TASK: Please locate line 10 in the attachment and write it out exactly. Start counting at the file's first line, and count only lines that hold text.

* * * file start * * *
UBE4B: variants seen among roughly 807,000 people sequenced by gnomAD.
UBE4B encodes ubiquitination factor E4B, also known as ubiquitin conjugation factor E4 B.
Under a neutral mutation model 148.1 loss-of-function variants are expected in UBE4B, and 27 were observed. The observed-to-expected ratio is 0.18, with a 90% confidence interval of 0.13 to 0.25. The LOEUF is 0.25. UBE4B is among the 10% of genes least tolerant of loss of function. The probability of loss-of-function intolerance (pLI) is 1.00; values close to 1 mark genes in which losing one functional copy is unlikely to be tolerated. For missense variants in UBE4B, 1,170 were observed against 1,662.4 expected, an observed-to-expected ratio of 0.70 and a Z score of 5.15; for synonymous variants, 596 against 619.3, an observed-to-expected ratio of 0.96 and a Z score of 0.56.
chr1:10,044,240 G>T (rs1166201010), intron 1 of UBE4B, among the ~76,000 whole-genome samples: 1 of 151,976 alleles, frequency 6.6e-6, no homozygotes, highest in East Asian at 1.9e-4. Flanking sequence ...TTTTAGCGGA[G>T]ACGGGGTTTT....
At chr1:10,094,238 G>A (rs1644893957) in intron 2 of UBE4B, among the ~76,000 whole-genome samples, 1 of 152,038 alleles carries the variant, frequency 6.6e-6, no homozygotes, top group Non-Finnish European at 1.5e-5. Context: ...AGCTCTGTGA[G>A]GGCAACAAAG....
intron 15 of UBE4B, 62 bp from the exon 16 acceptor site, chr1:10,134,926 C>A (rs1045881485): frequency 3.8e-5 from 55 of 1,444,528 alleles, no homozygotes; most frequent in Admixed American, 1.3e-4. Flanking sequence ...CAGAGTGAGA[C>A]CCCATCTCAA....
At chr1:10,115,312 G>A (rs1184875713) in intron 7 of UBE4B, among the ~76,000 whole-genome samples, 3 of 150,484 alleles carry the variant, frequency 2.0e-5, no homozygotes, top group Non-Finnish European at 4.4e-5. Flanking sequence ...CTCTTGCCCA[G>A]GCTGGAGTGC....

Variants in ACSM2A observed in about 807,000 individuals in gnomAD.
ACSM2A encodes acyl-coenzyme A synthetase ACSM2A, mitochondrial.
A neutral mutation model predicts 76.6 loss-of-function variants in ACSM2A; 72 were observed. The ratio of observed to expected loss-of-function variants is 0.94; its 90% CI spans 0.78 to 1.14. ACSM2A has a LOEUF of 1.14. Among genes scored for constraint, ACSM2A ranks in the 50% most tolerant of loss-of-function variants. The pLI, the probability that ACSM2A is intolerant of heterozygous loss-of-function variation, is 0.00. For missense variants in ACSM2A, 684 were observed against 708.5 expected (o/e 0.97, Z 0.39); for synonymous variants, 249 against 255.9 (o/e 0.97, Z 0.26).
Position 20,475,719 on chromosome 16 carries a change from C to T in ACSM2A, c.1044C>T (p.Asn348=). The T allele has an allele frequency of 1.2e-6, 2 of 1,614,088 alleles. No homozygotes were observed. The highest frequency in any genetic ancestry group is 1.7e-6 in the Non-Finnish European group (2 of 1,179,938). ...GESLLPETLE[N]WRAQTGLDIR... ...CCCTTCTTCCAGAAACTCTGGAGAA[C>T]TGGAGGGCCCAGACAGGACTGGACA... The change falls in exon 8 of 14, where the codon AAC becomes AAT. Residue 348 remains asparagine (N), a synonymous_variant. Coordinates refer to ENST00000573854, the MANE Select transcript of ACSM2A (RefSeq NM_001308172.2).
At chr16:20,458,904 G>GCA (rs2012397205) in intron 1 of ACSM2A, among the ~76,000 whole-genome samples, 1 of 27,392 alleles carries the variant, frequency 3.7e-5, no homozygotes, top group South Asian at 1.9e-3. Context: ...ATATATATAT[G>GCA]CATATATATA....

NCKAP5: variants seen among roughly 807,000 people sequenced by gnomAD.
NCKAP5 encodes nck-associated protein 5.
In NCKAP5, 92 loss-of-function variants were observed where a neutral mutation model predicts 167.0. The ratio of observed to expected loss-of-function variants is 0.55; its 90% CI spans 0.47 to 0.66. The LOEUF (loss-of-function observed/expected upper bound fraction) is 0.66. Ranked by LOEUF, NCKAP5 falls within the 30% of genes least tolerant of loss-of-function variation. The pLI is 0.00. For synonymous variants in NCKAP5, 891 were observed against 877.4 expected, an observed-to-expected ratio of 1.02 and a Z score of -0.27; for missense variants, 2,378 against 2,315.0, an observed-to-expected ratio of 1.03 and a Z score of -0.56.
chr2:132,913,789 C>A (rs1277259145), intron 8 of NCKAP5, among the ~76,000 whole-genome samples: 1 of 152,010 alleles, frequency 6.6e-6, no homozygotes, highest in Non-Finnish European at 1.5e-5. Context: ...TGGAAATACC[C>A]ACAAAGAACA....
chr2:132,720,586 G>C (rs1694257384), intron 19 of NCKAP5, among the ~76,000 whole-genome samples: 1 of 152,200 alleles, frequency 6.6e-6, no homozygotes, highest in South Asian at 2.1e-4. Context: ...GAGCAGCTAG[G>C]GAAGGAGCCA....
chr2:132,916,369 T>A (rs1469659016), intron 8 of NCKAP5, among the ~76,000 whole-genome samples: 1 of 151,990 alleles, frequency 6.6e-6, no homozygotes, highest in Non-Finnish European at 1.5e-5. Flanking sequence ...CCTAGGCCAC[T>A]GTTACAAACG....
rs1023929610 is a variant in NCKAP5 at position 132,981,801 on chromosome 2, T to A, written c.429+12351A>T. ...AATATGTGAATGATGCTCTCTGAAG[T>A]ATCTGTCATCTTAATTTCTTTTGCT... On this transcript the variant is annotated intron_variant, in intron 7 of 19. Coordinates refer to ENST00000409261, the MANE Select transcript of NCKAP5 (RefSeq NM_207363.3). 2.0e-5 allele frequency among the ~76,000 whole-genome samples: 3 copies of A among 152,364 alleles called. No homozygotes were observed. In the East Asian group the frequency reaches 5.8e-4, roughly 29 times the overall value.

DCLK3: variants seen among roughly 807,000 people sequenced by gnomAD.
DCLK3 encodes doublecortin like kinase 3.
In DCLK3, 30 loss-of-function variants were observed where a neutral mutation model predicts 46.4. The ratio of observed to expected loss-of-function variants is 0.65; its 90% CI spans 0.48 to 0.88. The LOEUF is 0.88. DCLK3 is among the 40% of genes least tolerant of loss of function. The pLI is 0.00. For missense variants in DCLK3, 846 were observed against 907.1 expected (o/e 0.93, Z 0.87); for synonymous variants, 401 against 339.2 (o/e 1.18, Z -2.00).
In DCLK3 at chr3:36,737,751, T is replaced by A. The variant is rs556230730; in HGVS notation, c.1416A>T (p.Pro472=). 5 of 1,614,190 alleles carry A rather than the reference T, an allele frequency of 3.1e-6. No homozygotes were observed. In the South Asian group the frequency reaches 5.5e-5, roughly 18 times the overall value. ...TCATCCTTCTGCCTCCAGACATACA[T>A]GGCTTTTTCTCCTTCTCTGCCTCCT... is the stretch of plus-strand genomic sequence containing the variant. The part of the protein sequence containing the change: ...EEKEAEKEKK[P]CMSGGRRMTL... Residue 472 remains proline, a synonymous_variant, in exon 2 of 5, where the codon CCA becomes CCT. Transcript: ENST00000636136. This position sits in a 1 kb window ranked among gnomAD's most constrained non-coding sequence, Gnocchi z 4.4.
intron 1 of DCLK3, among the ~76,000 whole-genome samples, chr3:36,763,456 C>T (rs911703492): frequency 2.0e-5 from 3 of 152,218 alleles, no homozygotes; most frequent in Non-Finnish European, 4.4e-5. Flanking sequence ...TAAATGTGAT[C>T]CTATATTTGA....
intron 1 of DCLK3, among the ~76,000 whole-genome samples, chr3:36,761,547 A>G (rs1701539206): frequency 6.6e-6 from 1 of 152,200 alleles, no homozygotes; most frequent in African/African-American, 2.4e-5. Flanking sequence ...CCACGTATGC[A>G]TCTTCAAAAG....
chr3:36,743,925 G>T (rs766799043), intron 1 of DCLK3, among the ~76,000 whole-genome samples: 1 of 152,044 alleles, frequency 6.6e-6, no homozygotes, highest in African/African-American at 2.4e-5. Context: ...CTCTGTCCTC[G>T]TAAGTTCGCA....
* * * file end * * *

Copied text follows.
A neutral mutation model predicts 76.6 loss-of-function variants in ACSM2A; 72 were observed. The ratio of observed to expected loss-of-function variants is 0.94; its 90% CI spans 0.78 to 1.14. ACSM2A has a LOEUF of 1.14. Among genes scored for constraint, ACSM2A ranks in the 50% most tolerant of loss-of-function variants. The pLI, the probability that ACSM2A is intolerant of heterozygous loss-of-function variation, is 0.00. For missense variants in ACSM2A, 684 were observed against 708.5 expected (o/e 0.97, Z 0.39); for synonymous variants, 249 against 255.9 (o/e 0.97, Z 0.26).